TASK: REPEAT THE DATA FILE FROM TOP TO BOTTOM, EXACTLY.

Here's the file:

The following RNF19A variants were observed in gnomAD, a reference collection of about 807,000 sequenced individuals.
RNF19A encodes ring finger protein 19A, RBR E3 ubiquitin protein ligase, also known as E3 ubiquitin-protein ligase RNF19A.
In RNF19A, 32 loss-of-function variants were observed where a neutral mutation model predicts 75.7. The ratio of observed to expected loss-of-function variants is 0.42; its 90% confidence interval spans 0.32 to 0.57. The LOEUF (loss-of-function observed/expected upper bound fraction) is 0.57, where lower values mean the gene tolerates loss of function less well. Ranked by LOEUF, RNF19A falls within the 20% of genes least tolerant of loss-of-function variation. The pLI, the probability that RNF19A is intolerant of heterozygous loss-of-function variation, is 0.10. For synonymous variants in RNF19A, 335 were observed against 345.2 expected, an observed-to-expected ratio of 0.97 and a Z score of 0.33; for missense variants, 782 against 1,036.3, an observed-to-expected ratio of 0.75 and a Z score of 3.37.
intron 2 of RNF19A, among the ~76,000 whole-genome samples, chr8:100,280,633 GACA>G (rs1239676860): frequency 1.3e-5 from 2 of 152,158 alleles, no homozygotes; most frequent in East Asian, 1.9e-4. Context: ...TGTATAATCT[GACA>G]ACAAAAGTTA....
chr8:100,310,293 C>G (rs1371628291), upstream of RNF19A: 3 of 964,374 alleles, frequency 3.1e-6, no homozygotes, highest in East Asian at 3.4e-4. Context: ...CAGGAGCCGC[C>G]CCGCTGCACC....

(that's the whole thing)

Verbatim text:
The following RNF19A variants were observed in gnomAD, a reference collection of about 807,000 sequenced individuals.
RNF19A encodes ring finger protein 19A, RBR E3 ubiquitin protein ligase, also known as E3 ubiquitin-protein ligase RNF19A.
In RNF19A, 32 loss-of-function variants were observed where a neutral mutation model predicts 75.7. The ratio of observed to expected loss-of-function variants is 0.42; its 90% confidence interval spans 0.32 to 0.57. The LOEUF (loss-of-function observed/expected upper bound fraction) is 0.57, where lower values mean the gene tolerates loss of function less well. Ranked by LOEUF, RNF19A falls within the 20% of genes least tolerant of loss-of-function variation. The pLI, the probability that RNF19A is intolerant of heterozygous loss-of-function variation, is 0.10. For synonymous variants in RNF19A, 335 were observed against 345.2 expected, an observed-to-expected ratio of 0.97 and a Z score of 0.33; for missense variants, 782 against 1,036.3, an observed-to-expected ratio of 0.75 and a Z score of 3.37.
intron 2 of RNF19A, among the ~76,000 whole-genome samples, chr8:100,280,633 GACA>G (rs1239676860): frequency 1.3e-5 from 2 of 152,158 alleles, no homozygotes; most frequent in East Asian, 1.9e-4. Context: ...TGTATAATCT[GACA>G]ACAAAAGTTA....
chr8:100,310,293 C>G (rs1371628291), upstream of RNF19A: 3 of 964,374 alleles, frequency 3.1e-6, no homozygotes, highest in East Asian at 3.4e-4. Context: ...CAGGAGCCGC[C>G]CCGCTGCACC....